Should patients requiring vital signs monitoring every four hours be woken at 2am to have their observations recorded? What do you think?
Recording patient observations is an important part of nursing routine and an essential skill to be able to detect changes in the patient’s condition. A “one-off” or isolated observation is of little use unless compared to recent trends in clinical status. If a nurse is concerned about a patient enough to be motivated to carry out four hourly observations then that patient should be woken to have those observations recorded. However, nurses should also feel empowered and confident enough to be able to adapt their routine to reflect a patient’s progression towards recovery.
Sleep is an important component of patient recovery and one of the most essential activities of daily living. Sleep deprivation is associated with delirium, which in turn has a negative effect on patient rehabilitation. This leads to increased length of stay in hospital, which corresponds with increased cost and, most importantly, is unpleasant for the patient. Nurses should be able to carry out an “end of bed” observation without waking a sleeping patient. That is, be able to assess whether the patient has a patent airway, observe respiratory pattern and count the respiratory rate and be able to detect whether the patient is well perfused and, therefore, whether the patient has a adequate cardiac output. Nurses should also trust their instinct and if they feel the patient is deteriorating the question they should ask themselves should be whether four hourly observation is enough or should the patient be monitored more regularly or even continuously. At this point medical or critical care intervention should be sought.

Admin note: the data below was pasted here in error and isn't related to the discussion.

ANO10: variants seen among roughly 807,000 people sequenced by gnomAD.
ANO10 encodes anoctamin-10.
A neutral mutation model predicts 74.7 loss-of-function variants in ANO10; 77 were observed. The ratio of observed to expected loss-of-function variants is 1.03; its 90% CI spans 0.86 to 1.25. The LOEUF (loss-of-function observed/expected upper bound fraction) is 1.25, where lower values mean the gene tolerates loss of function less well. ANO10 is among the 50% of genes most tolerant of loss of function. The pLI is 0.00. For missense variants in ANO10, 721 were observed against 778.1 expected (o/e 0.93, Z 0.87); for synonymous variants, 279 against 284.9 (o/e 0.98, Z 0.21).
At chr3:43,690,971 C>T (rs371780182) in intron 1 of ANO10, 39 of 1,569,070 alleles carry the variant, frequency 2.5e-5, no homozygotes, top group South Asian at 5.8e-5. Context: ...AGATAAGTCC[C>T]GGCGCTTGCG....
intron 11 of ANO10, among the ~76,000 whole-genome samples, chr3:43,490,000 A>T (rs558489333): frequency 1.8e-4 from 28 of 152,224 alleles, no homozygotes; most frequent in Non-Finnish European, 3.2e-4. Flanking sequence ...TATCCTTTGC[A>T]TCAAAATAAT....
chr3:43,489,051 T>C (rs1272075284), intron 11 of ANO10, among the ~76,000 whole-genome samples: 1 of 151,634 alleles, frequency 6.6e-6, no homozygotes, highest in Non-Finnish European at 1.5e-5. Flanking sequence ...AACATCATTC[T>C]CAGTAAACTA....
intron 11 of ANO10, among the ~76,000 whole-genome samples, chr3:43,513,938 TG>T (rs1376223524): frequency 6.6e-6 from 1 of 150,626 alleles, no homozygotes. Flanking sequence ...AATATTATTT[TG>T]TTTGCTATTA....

David Jones, Charge Nurse, Critical Care.